Happy Friday, folks!
If you’ve been following along with Party in Provence, an embroidered kaleidoscope that we’ve been working through step-by-step here on Needle ‘n Thread, you might find it hard to believe that we’re Almost Finished!
Today, we’re going to add a very little touch to the kaleidoscope – it’s the tiny medallion between each arm of the design.
Even if you’re not actually stitching Party in Provence, the tips below for the techniques used on this element can be applied to your own embroidery projects.
So…here’s the little medallion for you.
This little element, which ties the large central flower in blues together with the outer layers of the design, is worked in padded satin stitch with a small lattice accent, stem stitch, and whipped backstitch.
When you look at the element, you might be tempted to work from inside out – the satin stitch center first, the lattice element on top of that, the stem stitch outline, and then the whipped backstitch outline beyond the center.
And if I hadn’t already stitched the thing, I’d probably approach it that way, too!
But since I’ve already stitched this little element a good eight times, I’ve learned a little tip.
Stitch the whipped backstitch outline first! Why? Because the satin stitch element gets in the way while you’re whipping the backstitch.
The outer line in whipped backstitch is worked with 2 strands of 797 (blue), whipped with one strand of 351 (coral).
You can find a video tutorial for whipped backstitch here.
The satin stitch element is padded, so let’s tackle the question of padding.
(You’ll notice above that I haven’t whipped the backstitch yet. I learned the hard way.)
Begin the satin stitched element by working a split stitch line using one strand of 797, covering the line. You can find a video tutorial for split stitch here.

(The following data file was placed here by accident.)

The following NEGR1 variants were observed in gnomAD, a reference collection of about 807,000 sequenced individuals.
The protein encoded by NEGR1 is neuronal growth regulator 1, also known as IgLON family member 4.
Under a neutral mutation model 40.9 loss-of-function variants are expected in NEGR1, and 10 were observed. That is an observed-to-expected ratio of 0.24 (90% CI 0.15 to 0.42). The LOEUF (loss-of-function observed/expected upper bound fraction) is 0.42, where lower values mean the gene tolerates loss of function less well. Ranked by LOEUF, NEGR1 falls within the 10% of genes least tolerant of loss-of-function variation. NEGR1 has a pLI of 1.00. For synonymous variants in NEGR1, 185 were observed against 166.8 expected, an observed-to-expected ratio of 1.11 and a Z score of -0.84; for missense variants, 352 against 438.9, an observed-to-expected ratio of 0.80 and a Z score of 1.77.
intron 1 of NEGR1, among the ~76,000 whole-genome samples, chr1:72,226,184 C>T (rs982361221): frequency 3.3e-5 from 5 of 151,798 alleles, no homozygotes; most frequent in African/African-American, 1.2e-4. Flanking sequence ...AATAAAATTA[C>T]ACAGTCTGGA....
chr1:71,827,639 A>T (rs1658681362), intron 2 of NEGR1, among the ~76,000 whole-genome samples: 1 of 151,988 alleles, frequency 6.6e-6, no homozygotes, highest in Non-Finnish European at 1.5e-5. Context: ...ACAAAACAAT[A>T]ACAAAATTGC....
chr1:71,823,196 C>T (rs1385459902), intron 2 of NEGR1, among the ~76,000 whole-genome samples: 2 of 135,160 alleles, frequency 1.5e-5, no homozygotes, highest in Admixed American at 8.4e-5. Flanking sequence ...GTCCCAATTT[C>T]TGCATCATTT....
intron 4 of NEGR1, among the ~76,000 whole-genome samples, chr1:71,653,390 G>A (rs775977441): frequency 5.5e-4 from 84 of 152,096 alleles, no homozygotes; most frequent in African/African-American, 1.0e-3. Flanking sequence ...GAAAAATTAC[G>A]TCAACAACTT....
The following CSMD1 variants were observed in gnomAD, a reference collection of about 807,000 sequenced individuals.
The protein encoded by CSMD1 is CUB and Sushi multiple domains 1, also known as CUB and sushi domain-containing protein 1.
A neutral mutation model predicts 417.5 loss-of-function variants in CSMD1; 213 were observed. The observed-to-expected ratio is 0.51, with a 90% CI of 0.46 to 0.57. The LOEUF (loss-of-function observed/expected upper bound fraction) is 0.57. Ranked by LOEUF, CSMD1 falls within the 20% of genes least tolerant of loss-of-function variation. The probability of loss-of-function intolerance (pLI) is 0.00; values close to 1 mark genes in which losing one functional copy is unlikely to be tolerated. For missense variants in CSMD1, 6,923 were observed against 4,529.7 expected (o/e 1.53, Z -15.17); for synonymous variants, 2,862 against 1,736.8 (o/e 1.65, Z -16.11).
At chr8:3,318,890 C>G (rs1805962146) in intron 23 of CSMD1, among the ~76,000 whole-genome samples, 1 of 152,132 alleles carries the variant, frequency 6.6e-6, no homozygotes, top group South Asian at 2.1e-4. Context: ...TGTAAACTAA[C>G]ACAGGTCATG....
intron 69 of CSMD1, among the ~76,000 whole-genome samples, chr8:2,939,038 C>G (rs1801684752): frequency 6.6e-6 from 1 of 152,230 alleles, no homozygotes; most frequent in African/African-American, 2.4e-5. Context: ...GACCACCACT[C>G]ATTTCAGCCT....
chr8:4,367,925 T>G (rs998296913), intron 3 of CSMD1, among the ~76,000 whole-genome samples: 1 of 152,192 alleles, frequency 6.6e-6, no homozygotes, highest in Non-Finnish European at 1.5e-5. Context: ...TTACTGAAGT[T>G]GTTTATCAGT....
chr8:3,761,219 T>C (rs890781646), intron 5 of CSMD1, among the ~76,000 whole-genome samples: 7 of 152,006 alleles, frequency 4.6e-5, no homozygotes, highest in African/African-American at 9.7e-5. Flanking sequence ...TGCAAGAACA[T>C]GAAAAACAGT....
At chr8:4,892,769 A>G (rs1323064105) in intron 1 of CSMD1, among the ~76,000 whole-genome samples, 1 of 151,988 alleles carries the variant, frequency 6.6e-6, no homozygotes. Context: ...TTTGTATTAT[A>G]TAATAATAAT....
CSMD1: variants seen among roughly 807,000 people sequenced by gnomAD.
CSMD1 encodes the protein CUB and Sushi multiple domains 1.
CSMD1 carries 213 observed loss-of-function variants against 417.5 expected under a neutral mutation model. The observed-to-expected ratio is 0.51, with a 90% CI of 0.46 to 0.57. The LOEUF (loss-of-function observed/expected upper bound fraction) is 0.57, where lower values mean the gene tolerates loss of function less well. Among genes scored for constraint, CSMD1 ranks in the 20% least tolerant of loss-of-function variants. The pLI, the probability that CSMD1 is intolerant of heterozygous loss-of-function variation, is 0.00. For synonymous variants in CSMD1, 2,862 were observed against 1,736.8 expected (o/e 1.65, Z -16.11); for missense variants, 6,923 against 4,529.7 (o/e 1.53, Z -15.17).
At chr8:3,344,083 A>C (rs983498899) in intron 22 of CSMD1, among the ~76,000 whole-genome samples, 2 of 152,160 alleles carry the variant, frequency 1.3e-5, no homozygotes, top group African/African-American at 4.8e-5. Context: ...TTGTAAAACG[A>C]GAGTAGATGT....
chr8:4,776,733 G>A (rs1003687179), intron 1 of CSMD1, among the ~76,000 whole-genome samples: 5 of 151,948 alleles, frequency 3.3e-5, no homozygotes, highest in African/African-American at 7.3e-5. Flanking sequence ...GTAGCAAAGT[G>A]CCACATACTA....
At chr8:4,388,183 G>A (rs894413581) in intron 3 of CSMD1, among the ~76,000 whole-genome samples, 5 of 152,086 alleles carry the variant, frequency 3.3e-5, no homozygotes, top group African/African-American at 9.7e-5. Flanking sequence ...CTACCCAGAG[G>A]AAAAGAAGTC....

Once you’ve split stitched that outline, it’s time to build up the padding layers inside.
You’ll keep using one strand of 797 for all of this, through the top layer of satin stitch.
To build up the padding and finish with the satin stitch, here’s a diagram of the steps and the stitch direction you’ll follow:
Each layer of padding is worked in straight stitches, filling the shape in progressive stages, until the third layer of padding sits perpendicular to the direction of the top layer of satin stitch.
New Floss and Satin Stitch Method
When you’ve finished the padding, switch to a brand new piece of floss, even if you have floss left over.
This is very important, because you want that final layer of satin stitch to look just perfect.
When you work the satin stitch, you’ll work it just over the split stitch outline. Start with the longest central satin stitch right down the middle of the element, and then work out to one side, go back to the middle, and work out to the other side.
End the satin stitch when it just barely starts to cover the side bulges. That side satin stitch will be a lot longer than you think it should be! The whole element can be covered in about 5 stitches altogether – maybe seven, if you work them very close, but try not to crowd them.
The Lattice & Outline
The lattice over the satin stitch is worked as one large X, so that the center of the X is approximately in the center of the element.
You’ll use one strand of yellow 725 for this.
Before ending the yellow, though, switch to one strand of 351 and work a tiny cross stitch over the intersection of the lattice.
Then, go back to the yellow and work a tiny stem stitch outline all around the center satin stitched element.
And this is where we are so far!
The next installment on this project will be the last! We’ll add the beads and then you can revel in your own beautiful finished kaleidoscope!
Looking for More?
If you want to follow this project from beginning to end – to stitch along, or just to pick up some stitching and technique tips – you can find the entire project in my Hand Embroidered Kaleidoscopes project index, along with several other step-by-step kaleidoscope projects.
If you’d like to stitch your own kaleidoscopes, interpreting them in any fun way you want, you might be interested in my pattern book for embroidered kaleidoscopes, Favorite Kaleidoscopes. It’s a lot of fun!
Let me know how you’re getting on with your Party in Provence! If you have any questions, don’t hesitate to leave a comment below.
And if you have photos you’d like to share, why not stop by the Needle ‘n Thread Community on Facebook and share them there? We’d love to see your progress!
Have a terrific weekend!